It’s important that your media spokespeople make a great first impression with a journalist. Journalists are the key to your media exposure.
Maximise your chances of gaining positive coverage when speaking with a journalist using the following tips:
1. Remember: you are the message
When speaking with a journalist, you need to embody your company culture in the way you act, speak, and dress. Think about what your company represents. What are your company’s values and priorities? For example, if your company values professionalism, consider dressing up rather than meeting a journalist in jeans and a t-shirt.
Likewise, speaking formally will depict your company as serious and experienced rather than casual and easygoing.
When doing a phone interview, maintain a strong posture and body language, and use professional language. Stay focused, and don’t get distracted checking emails or doodling during the call. When you speak to a journalist, you are your company, represent it well.
2. The seven questions a journalist will always ask
Who; what; when; where; why; how; how much?
Journalists ask these questions to understand your company, service or product, as well as decide whether your story is worth writing about. Expecting these questions before an interview means you can offer clear answers about what your company offers, why it matters, and even how much money, time, or effort is involved.
3. Stay true to your key messages
Know your key messages and themes and stay loyal to them throughout the interview. We recommend writing down your key topics and bringing them with you so you can keep them top of mind. Refer to your list of key messages as the interview is summing up, and make sure you haven’t missed anything. It’s frustrating when you realise you forgot to talk about something fundamental after an interview has finished.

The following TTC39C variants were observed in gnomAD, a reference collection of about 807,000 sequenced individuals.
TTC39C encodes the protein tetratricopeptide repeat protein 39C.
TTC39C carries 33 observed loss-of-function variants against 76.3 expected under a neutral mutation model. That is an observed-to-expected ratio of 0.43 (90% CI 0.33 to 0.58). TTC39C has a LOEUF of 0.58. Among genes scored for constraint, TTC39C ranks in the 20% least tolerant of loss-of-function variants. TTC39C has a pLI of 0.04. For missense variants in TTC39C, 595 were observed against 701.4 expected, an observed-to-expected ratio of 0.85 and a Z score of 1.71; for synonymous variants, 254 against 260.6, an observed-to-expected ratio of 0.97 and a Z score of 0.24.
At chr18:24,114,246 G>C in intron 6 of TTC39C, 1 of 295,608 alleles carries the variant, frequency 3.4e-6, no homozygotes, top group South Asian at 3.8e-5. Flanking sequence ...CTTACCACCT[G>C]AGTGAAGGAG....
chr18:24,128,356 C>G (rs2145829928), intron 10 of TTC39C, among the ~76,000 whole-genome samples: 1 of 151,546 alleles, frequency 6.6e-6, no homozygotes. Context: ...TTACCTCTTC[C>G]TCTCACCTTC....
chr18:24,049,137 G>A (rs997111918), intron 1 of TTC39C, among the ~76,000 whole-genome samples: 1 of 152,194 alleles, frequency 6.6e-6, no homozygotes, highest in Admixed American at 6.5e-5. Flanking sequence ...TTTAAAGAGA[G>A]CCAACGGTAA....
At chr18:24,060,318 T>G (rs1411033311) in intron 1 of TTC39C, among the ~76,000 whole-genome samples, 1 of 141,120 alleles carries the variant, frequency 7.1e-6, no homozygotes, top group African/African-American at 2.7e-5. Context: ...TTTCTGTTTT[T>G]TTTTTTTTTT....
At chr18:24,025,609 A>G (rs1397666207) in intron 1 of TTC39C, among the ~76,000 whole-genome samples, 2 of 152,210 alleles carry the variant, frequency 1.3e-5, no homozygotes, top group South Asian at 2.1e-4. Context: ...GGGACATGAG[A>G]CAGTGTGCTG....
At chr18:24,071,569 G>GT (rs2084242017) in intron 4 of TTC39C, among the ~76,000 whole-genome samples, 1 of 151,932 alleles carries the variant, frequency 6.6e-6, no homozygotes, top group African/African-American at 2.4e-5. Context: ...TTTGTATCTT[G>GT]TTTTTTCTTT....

You should also write down the topics you don’t want to talk about so you can prepare some answers in case the journalist asks about those areas. However, don’t take that list into the interview with you in case you leave it behind or let a journalist catch a glimpse of it.
4. Preparation, preparation, preparation
Interviews with journalists can feel confronting and unpredictable when you haven’t done many before. Remember that dressing and speaking according to your company’s culture, preparing for the questions you can expect from a journalist, and committing to your list of key messages will all increase the likelihood of gaining positive coverage for your business, and increase your overall comfort with the experience.
- 10 ways to maintain professionalism even if you’re not in the office
- Five ways to establish a routine when working from home
- How to motivate your teams now working from home
- How to keep staff on track in a new working landscape
- How to keep your workforce resilient in challenging times
- Transitioning your office staff to work from home without sacrificing productivity or connectedness